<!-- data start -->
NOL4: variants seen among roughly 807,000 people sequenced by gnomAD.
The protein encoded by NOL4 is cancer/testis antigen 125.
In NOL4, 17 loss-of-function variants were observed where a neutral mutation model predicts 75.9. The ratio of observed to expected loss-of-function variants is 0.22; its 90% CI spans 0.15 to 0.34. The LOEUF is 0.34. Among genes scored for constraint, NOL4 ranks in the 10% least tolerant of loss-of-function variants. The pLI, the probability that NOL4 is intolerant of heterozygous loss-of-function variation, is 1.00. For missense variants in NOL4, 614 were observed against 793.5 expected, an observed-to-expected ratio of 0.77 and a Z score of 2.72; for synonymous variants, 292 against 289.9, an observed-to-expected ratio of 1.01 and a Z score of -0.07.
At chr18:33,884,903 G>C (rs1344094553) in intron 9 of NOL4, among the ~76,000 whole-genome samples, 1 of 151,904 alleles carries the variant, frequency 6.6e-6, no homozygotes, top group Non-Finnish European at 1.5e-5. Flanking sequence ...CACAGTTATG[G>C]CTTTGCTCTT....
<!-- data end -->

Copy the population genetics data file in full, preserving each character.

NOL4: variants seen among roughly 807,000 people sequenced by gnomAD.
The protein encoded by NOL4 is cancer/testis antigen 125.
In NOL4, 17 loss-of-function variants were observed where a neutral mutation model predicts 75.9. The ratio of observed to expected loss-of-function variants is 0.22; its 90% CI spans 0.15 to 0.34. The LOEUF is 0.34. Among genes scored for constraint, NOL4 ranks in the 10% least tolerant of loss-of-function variants. The pLI, the probability that NOL4 is intolerant of heterozygous loss-of-function variation, is 1.00. For missense variants in NOL4, 614 were observed against 793.5 expected, an observed-to-expected ratio of 0.77 and a Z score of 2.72; for synonymous variants, 292 against 289.9, an observed-to-expected ratio of 1.01 and a Z score of -0.07.
At chr18:33,884,903 G>C (rs1344094553) in intron 9 of NOL4, among the ~76,000 whole-genome samples, 1 of 151,904 alleles carries the variant, frequency 6.6e-6, no homozygotes, top group Non-Finnish European at 1.5e-5. Flanking sequence ...CACAGTTATG[G>C]CTTTGCTCTT....